3. Weigh Your Charges — Every One. This may sound obvious, but many folks still rely on a powder measure. Yes we know that most short-range BR shooters throw their charges without weighing, but if you’re going to pre-load for a club match there is no reason NOT to weigh your charges. You may be surprised at how inconsistent your powder measure actually is. One of our testers was recently throwing H4198 charges from a Harrell’s measure for his 30BR. Each charge was then weighed twice with a Denver Instrument lab scale. Our tester found that thrown charges varied by up to 0.7 grains! And that’s with a premium measure.

4. Measure Your Loaded Ammo — After Bullet Seating. Even if you’ve checked your brass and bullets prior to assembling your ammo, we recommend that you weigh your loaded rounds and measure them from base of case to bullet ogive using a comparator. If you find a round that is “way off” in weight or more than .005″ off your intended base to ogive length, set it aside and use that round for a fouler. (Note: if the weight is off by more than 6 or 7 grains you may want to disassemble the round and check your powder charge.) With premium, pre-sorted bullets, we’ve found that we can keep 95% of loaded rounds within a range of .002″, measuring from base (of case) to ogive. Now, with some lots of bullets, you just can’t keep things within .002″, but you should still measure each loaded match round to ensure you don’t have some cases that are way too short or way too long.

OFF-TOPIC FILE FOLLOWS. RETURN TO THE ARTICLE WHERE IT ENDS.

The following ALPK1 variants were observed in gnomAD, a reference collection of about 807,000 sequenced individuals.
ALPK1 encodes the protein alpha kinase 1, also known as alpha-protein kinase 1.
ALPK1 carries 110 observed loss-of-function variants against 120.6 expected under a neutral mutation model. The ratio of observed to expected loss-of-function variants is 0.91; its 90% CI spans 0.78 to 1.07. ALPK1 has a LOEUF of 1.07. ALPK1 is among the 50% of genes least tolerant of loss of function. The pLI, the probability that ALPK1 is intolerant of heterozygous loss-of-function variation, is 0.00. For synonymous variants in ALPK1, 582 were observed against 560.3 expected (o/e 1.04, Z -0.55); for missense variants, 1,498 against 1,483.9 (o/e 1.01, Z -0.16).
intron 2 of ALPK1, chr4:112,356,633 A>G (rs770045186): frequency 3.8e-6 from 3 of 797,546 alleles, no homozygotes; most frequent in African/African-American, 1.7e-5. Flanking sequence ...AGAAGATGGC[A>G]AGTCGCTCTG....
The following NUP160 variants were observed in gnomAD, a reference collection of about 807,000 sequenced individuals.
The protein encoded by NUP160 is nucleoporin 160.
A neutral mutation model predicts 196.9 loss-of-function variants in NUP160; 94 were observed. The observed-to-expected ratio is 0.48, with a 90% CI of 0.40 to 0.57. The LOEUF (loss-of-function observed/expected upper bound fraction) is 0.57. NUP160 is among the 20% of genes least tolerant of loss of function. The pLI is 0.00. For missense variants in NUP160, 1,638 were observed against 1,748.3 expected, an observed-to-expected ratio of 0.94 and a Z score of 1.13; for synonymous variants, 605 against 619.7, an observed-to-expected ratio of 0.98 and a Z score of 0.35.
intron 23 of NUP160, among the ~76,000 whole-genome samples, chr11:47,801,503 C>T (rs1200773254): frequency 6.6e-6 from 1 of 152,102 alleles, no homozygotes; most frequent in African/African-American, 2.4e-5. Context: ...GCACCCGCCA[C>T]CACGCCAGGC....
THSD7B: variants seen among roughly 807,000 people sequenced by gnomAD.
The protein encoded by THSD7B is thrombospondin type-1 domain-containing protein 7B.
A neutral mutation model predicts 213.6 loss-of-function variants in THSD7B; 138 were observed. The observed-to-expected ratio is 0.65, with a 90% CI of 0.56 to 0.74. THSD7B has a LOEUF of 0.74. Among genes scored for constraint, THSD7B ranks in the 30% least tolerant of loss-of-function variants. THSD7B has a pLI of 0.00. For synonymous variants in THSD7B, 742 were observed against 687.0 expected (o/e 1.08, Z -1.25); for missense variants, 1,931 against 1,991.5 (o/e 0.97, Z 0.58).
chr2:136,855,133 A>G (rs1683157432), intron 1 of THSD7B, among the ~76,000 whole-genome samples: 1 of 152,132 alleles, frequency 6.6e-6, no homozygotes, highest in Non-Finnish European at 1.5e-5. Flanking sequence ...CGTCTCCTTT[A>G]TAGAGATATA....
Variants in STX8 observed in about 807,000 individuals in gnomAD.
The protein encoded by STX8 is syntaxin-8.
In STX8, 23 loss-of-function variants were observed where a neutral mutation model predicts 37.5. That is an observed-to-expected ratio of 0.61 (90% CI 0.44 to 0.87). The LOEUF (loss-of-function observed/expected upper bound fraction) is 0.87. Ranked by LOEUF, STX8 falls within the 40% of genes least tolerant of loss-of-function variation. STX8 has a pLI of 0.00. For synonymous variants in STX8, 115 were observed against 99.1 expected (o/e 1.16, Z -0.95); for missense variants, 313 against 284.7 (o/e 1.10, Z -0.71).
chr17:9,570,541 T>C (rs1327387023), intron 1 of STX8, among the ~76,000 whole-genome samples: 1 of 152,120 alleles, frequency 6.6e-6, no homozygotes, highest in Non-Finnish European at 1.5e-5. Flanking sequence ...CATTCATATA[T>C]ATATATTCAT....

Scope Ring5. Check Your Fasteners. Before a match you need to double-check your scope rings or iron sight mounts to ensure everything is tight. Likewise, you should check the tension on the screws/bolts that hold the action in place. Even on a low-recoiling rimfire rifle, action screws or scope rings can come loose during normal firing.

6. Make a Checklist and Pack the Night Before. Ever drive 50 miles to a match then discover you have the wrong ammo or that you forgot your bolt? Well, mistakes like that happen to the best of us. You can avoid these oversights (and reduce stress at matches) by making a checklist of all the stuff you need. Organize your firearms, range kit, ammo box, and shooting accessories the night before the match. And, like a good Boy Scout, “be prepared”. Bring a jacket and hat if it might be cold. If you have windflags, bring them (even if you’re not sure the rules allow them). Bring spare batteries, and it’s wise to bring a spare rifle and ammo for it. If you have just one gun, a simple mechanical breakdown (such as a broken firing pin) can ruin your whole weekend.